Why You Should Ignore Bank Of America's Legal Woes

Aug. 8.13 | About: Bank of (BAC)

Several weeks ago, Bank of America (NYSE:BAC) beat earnings expectations on both lines, reporting Q2 EPS of $0.32 and revenue of $22.9B. The bank's Q2 profits skyrocketed, up 70%, assisted by cost cutting and investment banking. Bank of America, the second-biggest bank in the country, managed to cut expenses about 6%. It cut about 18,000 jobs and reduced total employees by about 11%.

No sooner did I pen an article arguing 3 more reasons to get behind Bank of America, and causally stating that things will get better for them when their legal woes are behind them, than the DOJ files a civil lawsuit against them. One of the big reasons that I stated that Bank of America is still a buy? The recovering housing market. What is the DOJ alleging in their civil suit? Fraud on investors involving $850 million of residential mortgage-backed securities. I had to laugh. Some weeks, you feel like you just can't win; and although it's been an ugly headline for Bank of America this week, I'm predicting it'll come and go through the ebb and flow of the company's legal department in short order.

In all seriousness, this legal onslaught is a battle that the company has been at since earlier this year, as CEO Brian Moynihan has been systematically knocking lawsuits out of the way slowly, steadily, and one at a time. The year started with a $1.7 billion settlement with mortgage insurer MBIA, which was mostly cash with a small investment in MBIA securities.

Although this DOJ civil suit is likely to give investors pause when they see the headline, it's likely to be settled for a much smaller amount than the others once it goes through the legal ringer headlines.

CNBC.com, who has put the headline in giant bold letters on the front page of their website for the majority of the week, reported:

The Justice Department and the U.S. Securities and Exchange Commission filed the parallel suits in U.S. District Court in Charlotte, according to the court filings.

The securities date to about January 2008, the government said, putting them just at the beginning of the global financial crisis.

Bank of America responded to the lawsuits with a statement: "These were prime mortgages sold to sophisticated investors who had ample access to the underlying data, and we will demonstrate that."

"The loans in this pool performed better than loans with similar characteristics originated and securitized at the same time by other financial institutions. We are not responsible for the housing market collapse that caused mortgage loans to default at unprecedented rates and these securities to lose value as a result."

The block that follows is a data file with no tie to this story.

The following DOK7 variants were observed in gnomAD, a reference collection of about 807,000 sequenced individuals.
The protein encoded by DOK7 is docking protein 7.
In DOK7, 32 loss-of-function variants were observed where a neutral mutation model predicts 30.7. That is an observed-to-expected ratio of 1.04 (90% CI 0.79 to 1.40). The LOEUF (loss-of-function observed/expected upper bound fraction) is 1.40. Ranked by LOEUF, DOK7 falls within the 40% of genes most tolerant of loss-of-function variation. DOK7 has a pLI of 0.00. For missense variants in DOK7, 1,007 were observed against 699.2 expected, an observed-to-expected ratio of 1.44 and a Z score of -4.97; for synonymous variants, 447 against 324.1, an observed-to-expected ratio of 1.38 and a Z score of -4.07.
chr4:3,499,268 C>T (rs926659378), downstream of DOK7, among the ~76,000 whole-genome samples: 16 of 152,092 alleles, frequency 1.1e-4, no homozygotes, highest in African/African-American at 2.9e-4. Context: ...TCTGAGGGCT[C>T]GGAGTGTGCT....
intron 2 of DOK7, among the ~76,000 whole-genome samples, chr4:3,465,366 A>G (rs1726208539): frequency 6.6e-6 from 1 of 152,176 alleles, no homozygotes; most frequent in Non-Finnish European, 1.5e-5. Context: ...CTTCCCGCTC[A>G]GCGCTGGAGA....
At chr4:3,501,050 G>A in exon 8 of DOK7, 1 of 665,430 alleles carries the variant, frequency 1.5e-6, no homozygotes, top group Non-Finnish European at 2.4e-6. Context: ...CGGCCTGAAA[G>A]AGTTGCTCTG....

I wasn't exactly blindsided by this case, as BAC had already alluded to potential civil charges in a filing two weeks ago. I suspect other investors in tune with Bank of America weren't surprised either.

As I touched on earlier, Bank of America has already made progress settling other legal affairs, like their $8.5 billion settlement between themselves and investors reached a couple over year ago; also regarding mortgage backed securities.

As Marketwatch.com stated:

The case involved bonds issued by mortgage lender Countrywide Financial Corp, which Bank of America bought in 2008. While 22 institutional investors accepted the settlements, others, led by American International Group Inc. AIG , have objected, saying the settlement offered them only a fraction of the money they lost.

In the scheme of things, although $850 million seems like a lot to allege, it's on the lower end of some of the legal issues that Bank of America has dealt with already this year. The settlement in a case like this is likely to fall far below the $850 million stated in the suit.

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Bank of America's stock, fueled by cost cutting, branch closing, and getting litigation behind them, has rallied over the past year. The stock is up 12.7% in the last 3 months, 26.4% year to date, and 91.3% over the past twelve months. Investors continue to point to a likely dividend increase if the bank continues trending as it has, and I still argue it's one of the better banking stocks to get into if you're looking to invest the sector.

I remain bullish on Bank of America, even in the midst of these recurring legal troubles. One by one, as they're settled, they cannot be brought up or dealt with again in the future. A settlement in this case essentially knocks out another piece of the total litigation spawning from the 2008 collapse. Soon, there will be no one left to deal with.

Sure, it's likely to cost the company some money in the interim, so we may not see a significantly reduced amount of spending in terms of legal expenses, but as the company continues to go "lean and mean", cutting branches and employees, it shouldn't make a difference.

In addition, I'd argue it's a forward thinking move to invest in Bank of America here. After all of this legal mess wraps up (which will probably be in the not-too-distant future), investors who will presumably have been benefiting from Bank of America's mortgages and housing growth (as long as the housing market continues to grow) will also benefit from a substantial reduction in legal costs; causing Bank of America's profits to likely receive a boost.

I'm ignoring the legal woes and remain bullish on Bank of America. I wish all investors on both sides of the coin the best of luck.

Disclosure: I have no positions in any stocks mentioned, but may initiate a long position in BAC over the next 72 hours. I wrote this article myself, and it expresses my own opinions. I am not receiving compensation for it (other than from Seeking Alpha). I have no business relationship with any company whose stock is mentioned in this article.